In 2017, 11.1 percent of Utah youth used a vape product regularly, compared to 2.9 percent who used cigarettes regularly, according to TheTobaccoTalk.org.
DeAnn Kettenring, the Health Commissioner of Utah PTA, stopped by to give us the facts about how nicotine - whether it is smoked, vaped, or chewed - affects youth.
She says that nicotine in any form is addictive, and trains young brains to crave nicotine at a higher rate than an adult brain. Kettenring also said nicotine has been shown to cause bouts of anxiety and depression in youth, as well.
And though some people think vaping is a safer way to "smoke" than using traditional cigarettes, Kettenring says that the nicotine levels can be even higher in e-cigarettes. With e-cigarettes, she says you're still inhaling chemicals and are even at risk for Popcorn Lung, so they are not necessarily safe. She said she would like to see more research on the long-term effects of vaping, compared to traditional modes of nicotine intake.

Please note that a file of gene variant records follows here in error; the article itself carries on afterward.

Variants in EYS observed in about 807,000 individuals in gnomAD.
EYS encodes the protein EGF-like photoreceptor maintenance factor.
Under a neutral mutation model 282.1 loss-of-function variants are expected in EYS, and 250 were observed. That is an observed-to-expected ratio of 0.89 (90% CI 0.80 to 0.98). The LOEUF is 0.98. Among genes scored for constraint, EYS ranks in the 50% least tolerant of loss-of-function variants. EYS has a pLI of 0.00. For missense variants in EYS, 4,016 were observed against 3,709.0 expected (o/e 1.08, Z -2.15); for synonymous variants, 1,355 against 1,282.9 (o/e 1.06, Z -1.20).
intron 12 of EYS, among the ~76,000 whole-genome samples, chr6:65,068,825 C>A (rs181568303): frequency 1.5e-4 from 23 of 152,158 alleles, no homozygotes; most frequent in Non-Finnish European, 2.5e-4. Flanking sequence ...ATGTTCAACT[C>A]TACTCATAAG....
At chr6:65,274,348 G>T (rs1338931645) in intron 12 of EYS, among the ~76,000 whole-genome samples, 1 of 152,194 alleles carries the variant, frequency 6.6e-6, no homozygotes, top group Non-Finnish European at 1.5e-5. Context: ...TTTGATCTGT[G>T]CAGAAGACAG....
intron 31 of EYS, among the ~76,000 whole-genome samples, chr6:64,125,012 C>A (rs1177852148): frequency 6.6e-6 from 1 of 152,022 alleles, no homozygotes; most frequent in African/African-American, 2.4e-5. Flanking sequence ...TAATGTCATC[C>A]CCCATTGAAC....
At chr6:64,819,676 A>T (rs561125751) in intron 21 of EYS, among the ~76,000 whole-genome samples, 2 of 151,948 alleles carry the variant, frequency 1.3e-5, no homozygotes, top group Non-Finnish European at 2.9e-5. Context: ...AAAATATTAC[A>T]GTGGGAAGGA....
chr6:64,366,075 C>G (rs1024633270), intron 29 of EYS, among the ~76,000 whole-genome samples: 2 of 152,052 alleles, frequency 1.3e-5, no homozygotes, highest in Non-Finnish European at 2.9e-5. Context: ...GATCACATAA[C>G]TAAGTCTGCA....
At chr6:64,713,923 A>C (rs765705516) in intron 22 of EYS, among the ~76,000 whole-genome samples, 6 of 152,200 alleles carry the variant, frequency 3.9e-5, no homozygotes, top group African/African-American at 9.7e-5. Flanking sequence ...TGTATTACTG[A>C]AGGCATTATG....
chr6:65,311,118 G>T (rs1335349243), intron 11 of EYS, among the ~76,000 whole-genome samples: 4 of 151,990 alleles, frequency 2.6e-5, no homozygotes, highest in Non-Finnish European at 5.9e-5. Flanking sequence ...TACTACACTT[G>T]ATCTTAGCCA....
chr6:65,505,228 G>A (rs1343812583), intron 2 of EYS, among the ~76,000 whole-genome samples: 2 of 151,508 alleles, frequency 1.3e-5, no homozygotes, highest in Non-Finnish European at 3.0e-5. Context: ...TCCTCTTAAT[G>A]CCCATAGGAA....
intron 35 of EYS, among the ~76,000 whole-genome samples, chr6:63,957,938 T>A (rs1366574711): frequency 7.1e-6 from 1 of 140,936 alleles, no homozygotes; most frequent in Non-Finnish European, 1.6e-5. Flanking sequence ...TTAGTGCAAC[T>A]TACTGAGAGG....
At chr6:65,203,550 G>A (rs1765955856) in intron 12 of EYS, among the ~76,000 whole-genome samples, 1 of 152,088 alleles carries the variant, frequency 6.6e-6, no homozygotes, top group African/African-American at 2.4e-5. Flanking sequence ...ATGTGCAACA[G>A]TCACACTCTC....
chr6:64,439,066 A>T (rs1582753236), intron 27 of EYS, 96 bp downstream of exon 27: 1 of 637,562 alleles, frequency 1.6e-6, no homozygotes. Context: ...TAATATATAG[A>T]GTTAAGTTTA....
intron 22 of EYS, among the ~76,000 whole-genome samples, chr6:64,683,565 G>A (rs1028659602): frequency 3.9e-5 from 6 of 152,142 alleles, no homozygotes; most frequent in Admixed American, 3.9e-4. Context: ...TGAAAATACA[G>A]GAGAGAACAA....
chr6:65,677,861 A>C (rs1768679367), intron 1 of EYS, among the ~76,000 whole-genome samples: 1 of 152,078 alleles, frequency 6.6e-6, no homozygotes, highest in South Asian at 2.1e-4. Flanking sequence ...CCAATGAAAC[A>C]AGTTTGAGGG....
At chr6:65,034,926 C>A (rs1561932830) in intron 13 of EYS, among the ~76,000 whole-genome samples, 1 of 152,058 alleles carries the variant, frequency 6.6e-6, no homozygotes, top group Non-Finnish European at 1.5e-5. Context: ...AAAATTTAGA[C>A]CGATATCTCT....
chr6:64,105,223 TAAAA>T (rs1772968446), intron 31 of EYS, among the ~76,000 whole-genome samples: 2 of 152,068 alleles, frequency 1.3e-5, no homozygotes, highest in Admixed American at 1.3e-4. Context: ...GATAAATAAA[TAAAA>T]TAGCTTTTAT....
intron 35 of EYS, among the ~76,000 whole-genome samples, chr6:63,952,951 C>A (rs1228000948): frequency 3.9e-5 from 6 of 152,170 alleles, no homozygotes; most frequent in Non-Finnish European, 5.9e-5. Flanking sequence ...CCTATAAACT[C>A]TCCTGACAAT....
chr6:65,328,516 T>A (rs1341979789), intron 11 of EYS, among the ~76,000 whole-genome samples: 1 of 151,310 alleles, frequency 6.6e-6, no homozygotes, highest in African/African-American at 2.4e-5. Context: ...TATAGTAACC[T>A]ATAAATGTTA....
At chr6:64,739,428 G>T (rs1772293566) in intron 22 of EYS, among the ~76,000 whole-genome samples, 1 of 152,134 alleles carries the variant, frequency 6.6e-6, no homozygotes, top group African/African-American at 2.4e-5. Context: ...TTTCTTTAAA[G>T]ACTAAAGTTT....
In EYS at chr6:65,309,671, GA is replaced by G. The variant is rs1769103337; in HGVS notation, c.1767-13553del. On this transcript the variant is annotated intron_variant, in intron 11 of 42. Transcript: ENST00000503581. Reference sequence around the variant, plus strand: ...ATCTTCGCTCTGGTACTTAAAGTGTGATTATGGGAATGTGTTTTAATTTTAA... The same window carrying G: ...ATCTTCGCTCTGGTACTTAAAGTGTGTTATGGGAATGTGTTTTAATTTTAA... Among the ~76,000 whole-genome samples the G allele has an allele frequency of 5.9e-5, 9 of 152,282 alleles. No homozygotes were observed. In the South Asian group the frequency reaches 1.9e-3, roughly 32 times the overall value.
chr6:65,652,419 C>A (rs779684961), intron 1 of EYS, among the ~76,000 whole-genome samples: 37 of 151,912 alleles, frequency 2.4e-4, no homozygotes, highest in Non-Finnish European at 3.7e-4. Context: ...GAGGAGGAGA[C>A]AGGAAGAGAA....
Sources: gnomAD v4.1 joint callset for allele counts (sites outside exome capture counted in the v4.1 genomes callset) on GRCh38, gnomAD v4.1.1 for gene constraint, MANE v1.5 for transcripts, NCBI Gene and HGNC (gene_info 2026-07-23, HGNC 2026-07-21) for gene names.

Jamie Reeves, a parent spokesperson of The Tobacco Talk, says she started smoking at age 14, so she knows how addictive nicotine can be. She has since quit, and says parents can help their kids do the same, or better yet - never start in the first place. That's what The Tobacco Talk is - a resource that helps you start the conversation with your kids, because experts found that the no. 1 reason kids choose not to use a harmful substance is parent disapproval.
Join the conversation, as well as find tobacco facts and more, at thetobaccotalk.org.